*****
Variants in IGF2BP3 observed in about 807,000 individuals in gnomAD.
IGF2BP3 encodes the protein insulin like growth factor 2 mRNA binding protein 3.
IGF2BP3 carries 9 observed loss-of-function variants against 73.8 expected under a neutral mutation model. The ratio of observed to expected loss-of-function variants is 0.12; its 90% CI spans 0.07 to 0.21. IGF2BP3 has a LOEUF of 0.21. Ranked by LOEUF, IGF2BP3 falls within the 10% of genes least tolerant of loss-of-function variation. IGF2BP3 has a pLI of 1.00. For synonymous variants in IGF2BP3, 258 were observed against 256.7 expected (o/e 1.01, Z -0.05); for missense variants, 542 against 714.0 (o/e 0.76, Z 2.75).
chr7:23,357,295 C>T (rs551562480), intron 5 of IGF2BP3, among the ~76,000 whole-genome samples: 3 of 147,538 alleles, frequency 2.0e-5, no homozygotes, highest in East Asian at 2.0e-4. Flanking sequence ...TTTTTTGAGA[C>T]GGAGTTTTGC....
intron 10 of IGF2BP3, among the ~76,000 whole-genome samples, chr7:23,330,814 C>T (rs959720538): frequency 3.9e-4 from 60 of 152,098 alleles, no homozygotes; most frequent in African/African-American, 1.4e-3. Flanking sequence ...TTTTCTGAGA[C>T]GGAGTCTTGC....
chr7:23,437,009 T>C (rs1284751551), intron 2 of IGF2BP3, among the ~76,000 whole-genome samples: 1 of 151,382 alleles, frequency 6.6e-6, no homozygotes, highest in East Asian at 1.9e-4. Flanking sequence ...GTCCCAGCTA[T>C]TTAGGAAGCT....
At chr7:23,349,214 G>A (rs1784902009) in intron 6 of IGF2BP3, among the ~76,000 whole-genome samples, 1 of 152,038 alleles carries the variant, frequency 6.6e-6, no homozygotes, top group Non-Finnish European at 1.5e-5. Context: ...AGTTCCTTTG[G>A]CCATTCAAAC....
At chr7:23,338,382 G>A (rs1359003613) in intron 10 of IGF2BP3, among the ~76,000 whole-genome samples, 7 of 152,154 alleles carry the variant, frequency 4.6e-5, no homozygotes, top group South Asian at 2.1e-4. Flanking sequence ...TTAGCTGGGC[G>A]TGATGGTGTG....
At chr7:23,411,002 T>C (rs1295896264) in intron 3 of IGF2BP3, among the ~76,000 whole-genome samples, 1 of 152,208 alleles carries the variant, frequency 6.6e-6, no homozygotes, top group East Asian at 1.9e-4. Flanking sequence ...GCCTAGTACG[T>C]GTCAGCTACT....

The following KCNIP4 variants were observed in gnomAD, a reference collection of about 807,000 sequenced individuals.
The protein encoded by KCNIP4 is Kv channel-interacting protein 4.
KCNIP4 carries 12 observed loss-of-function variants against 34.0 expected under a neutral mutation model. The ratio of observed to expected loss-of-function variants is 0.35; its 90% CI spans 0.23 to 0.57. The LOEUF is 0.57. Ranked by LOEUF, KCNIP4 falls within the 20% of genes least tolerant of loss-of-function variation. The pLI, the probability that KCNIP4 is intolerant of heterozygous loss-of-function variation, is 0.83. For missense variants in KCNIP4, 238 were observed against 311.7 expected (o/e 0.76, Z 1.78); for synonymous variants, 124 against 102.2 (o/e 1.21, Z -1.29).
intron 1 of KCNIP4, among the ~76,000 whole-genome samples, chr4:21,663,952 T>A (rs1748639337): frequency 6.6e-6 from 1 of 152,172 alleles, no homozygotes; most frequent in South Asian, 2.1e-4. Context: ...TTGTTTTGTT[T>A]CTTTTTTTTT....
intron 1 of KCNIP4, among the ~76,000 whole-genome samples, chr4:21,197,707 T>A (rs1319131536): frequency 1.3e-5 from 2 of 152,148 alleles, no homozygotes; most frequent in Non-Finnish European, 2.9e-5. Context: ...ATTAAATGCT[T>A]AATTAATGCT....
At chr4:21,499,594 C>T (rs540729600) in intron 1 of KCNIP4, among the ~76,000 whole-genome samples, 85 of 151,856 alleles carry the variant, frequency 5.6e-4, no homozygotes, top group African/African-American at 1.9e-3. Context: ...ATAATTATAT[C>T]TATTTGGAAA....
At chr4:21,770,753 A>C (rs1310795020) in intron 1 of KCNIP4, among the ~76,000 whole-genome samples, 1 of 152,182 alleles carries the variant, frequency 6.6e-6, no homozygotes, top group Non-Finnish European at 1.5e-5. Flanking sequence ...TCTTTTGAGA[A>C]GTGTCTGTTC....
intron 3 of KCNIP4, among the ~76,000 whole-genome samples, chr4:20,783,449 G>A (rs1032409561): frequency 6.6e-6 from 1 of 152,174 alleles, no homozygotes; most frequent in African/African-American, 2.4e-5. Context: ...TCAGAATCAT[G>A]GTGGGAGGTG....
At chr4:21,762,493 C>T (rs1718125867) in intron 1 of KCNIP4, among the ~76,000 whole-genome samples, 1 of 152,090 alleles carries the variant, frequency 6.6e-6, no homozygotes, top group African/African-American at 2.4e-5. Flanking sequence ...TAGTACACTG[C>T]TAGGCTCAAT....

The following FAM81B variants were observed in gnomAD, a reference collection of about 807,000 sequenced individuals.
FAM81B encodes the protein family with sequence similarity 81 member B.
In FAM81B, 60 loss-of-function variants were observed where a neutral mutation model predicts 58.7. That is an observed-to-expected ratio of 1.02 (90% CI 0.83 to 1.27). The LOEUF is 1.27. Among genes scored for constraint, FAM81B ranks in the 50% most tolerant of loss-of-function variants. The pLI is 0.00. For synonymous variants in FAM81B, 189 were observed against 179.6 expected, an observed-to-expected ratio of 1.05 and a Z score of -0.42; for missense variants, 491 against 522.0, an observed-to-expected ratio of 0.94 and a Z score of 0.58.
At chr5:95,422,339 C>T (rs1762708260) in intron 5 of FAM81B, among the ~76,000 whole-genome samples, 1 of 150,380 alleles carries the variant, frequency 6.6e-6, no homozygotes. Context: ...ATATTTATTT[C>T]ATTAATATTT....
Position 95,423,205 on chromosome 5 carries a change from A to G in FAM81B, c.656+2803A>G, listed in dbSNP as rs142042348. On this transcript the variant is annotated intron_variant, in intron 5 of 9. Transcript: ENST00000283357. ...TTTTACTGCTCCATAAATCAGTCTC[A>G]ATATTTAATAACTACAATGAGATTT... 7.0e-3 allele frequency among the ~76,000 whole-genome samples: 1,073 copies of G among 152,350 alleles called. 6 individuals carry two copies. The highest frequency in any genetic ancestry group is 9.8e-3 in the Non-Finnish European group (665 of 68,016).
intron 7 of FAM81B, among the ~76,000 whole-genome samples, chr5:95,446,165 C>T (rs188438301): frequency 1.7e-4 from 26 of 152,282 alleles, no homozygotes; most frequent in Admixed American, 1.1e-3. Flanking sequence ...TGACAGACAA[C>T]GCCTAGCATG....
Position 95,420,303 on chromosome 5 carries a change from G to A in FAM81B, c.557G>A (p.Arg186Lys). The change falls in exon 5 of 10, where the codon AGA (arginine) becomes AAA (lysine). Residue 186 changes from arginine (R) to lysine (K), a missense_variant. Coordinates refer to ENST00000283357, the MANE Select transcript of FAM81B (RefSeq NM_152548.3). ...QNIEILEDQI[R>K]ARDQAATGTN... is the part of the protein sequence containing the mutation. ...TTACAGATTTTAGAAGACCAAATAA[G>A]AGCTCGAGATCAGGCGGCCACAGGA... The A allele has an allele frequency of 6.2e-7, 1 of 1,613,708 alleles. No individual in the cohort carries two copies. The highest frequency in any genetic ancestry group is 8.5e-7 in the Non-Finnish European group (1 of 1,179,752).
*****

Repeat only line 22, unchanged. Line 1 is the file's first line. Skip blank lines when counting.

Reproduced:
At chr5:95,422,339 C>T (rs1762708260) in intron 5 of FAM81B, among the ~76,000 whole-genome samples, 1 of 150,380 alleles carries the variant, frequency 6.6e-6, no homozygotes. Context: ...ATATTTATTT[C>T]ATTAATATTT....